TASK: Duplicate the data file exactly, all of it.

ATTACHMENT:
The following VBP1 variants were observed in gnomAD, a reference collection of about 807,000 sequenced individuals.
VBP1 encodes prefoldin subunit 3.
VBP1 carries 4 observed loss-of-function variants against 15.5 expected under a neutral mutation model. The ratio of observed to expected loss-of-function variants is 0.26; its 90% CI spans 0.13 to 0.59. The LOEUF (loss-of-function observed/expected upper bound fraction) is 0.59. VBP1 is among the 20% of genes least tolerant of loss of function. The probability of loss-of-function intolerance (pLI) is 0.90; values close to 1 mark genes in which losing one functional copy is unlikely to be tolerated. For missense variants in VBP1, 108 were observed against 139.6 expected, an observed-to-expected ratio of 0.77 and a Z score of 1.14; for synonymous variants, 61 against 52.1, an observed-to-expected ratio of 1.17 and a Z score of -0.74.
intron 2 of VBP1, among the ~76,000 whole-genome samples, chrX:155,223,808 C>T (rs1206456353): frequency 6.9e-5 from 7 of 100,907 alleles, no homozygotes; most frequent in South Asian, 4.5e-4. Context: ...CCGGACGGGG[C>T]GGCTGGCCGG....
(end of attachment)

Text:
The following VBP1 variants were observed in gnomAD, a reference collection of about 807,000 sequenced individuals.
VBP1 encodes prefoldin subunit 3.
VBP1 carries 4 observed loss-of-function variants against 15.5 expected under a neutral mutation model. The ratio of observed to expected loss-of-function variants is 0.26; its 90% CI spans 0.13 to 0.59. The LOEUF (loss-of-function observed/expected upper bound fraction) is 0.59. VBP1 is among the 20% of genes least tolerant of loss of function. The probability of loss-of-function intolerance (pLI) is 0.90; values close to 1 mark genes in which losing one functional copy is unlikely to be tolerated. For missense variants in VBP1, 108 were observed against 139.6 expected, an observed-to-expected ratio of 0.77 and a Z score of 1.14; for synonymous variants, 61 against 52.1, an observed-to-expected ratio of 1.17 and a Z score of -0.74.
intron 2 of VBP1, among the ~76,000 whole-genome samples, chrX:155,223,808 C>T (rs1206456353): frequency 6.9e-5 from 7 of 100,907 alleles, no homozygotes; most frequent in South Asian, 4.5e-4. Context: ...CCGGACGGGG[C>T]GGCTGGCCGG....